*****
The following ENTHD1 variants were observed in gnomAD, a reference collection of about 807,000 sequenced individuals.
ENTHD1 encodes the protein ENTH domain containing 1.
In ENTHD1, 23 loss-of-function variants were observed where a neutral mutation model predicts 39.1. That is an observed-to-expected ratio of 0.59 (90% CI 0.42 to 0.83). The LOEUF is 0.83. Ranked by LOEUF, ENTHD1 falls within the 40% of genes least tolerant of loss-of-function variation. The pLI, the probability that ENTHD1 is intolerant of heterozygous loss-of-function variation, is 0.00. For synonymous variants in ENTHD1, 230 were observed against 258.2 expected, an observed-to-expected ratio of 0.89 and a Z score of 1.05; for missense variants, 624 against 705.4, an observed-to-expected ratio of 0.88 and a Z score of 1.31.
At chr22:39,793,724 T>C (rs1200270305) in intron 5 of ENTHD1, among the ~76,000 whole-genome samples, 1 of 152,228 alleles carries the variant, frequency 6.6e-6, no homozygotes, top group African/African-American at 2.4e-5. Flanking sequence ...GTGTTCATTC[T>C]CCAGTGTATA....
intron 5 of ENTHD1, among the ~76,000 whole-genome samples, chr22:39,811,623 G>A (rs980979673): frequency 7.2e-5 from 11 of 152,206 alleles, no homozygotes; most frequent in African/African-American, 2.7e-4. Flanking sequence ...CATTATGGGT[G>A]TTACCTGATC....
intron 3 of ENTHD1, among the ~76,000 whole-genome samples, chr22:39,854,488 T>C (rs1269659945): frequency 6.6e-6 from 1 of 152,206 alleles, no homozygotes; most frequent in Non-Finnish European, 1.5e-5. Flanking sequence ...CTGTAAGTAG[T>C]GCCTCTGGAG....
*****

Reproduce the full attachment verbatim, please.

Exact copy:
The following ENTHD1 variants were observed in gnomAD, a reference collection of about 807,000 sequenced individuals.
ENTHD1 encodes the protein ENTH domain containing 1.
In ENTHD1, 23 loss-of-function variants were observed where a neutral mutation model predicts 39.1. That is an observed-to-expected ratio of 0.59 (90% CI 0.42 to 0.83). The LOEUF is 0.83. Ranked by LOEUF, ENTHD1 falls within the 40% of genes least tolerant of loss-of-function variation. The pLI, the probability that ENTHD1 is intolerant of heterozygous loss-of-function variation, is 0.00. For synonymous variants in ENTHD1, 230 were observed against 258.2 expected, an observed-to-expected ratio of 0.89 and a Z score of 1.05; for missense variants, 624 against 705.4, an observed-to-expected ratio of 0.88 and a Z score of 1.31.
At chr22:39,793,724 T>C (rs1200270305) in intron 5 of ENTHD1, among the ~76,000 whole-genome samples, 1 of 152,228 alleles carries the variant, frequency 6.6e-6, no homozygotes, top group African/African-American at 2.4e-5. Flanking sequence ...GTGTTCATTC[T>C]CCAGTGTATA....
intron 5 of ENTHD1, among the ~76,000 whole-genome samples, chr22:39,811,623 G>A (rs980979673): frequency 7.2e-5 from 11 of 152,206 alleles, no homozygotes; most frequent in African/African-American, 2.7e-4. Flanking sequence ...CATTATGGGT[G>A]TTACCTGATC....
intron 3 of ENTHD1, among the ~76,000 whole-genome samples, chr22:39,854,488 T>C (rs1269659945): frequency 6.6e-6 from 1 of 152,206 alleles, no homozygotes; most frequent in Non-Finnish European, 1.5e-5. Flanking sequence ...CTGTAAGTAG[T>C]GCCTCTGGAG....